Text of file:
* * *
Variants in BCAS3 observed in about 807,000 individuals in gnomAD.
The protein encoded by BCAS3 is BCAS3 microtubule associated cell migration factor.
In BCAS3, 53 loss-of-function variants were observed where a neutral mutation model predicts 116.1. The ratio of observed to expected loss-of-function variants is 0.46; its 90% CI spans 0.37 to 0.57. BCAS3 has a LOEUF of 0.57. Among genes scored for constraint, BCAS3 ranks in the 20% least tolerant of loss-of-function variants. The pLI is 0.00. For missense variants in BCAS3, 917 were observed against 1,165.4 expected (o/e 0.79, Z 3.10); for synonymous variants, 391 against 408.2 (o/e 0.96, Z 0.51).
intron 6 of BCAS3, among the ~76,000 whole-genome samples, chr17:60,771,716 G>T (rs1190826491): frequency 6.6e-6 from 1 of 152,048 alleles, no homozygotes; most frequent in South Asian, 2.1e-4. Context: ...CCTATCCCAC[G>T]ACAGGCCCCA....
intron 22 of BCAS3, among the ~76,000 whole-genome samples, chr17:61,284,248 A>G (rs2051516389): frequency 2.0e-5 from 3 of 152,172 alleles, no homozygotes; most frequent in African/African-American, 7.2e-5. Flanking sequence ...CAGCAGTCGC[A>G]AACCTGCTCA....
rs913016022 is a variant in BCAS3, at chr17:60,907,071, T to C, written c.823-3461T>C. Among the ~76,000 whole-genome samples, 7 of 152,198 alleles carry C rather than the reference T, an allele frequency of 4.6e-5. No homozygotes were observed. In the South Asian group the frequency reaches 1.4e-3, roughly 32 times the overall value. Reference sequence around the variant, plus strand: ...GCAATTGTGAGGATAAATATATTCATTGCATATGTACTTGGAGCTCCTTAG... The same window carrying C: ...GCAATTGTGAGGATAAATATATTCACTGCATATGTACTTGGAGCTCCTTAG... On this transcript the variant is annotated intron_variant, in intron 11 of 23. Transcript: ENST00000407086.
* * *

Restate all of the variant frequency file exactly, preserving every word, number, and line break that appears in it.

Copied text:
Variants in BCAS3 observed in about 807,000 individuals in gnomAD.
The protein encoded by BCAS3 is BCAS3 microtubule associated cell migration factor.
In BCAS3, 53 loss-of-function variants were observed where a neutral mutation model predicts 116.1. The ratio of observed to expected loss-of-function variants is 0.46; its 90% CI spans 0.37 to 0.57. BCAS3 has a LOEUF of 0.57. Among genes scored for constraint, BCAS3 ranks in the 20% least tolerant of loss-of-function variants. The pLI is 0.00. For missense variants in BCAS3, 917 were observed against 1,165.4 expected (o/e 0.79, Z 3.10); for synonymous variants, 391 against 408.2 (o/e 0.96, Z 0.51).
intron 6 of BCAS3, among the ~76,000 whole-genome samples, chr17:60,771,716 G>T (rs1190826491): frequency 6.6e-6 from 1 of 152,048 alleles, no homozygotes; most frequent in South Asian, 2.1e-4. Context: ...CCTATCCCAC[G>T]ACAGGCCCCA....
intron 22 of BCAS3, among the ~76,000 whole-genome samples, chr17:61,284,248 A>G (rs2051516389): frequency 2.0e-5 from 3 of 152,172 alleles, no homozygotes; most frequent in African/African-American, 7.2e-5. Flanking sequence ...CAGCAGTCGC[A>G]AACCTGCTCA....
rs913016022 is a variant in BCAS3, at chr17:60,907,071, T to C, written c.823-3461T>C. Among the ~76,000 whole-genome samples, 7 of 152,198 alleles carry C rather than the reference T, an allele frequency of 4.6e-5. No homozygotes were observed. In the South Asian group the frequency reaches 1.4e-3, roughly 32 times the overall value. Reference sequence around the variant, plus strand: ...GCAATTGTGAGGATAAATATATTCATTGCATATGTACTTGGAGCTCCTTAG... The same window carrying C: ...GCAATTGTGAGGATAAATATATTCACTGCATATGTACTTGGAGCTCCTTAG... On this transcript the variant is annotated intron_variant, in intron 11 of 23. Transcript: ENST00000407086.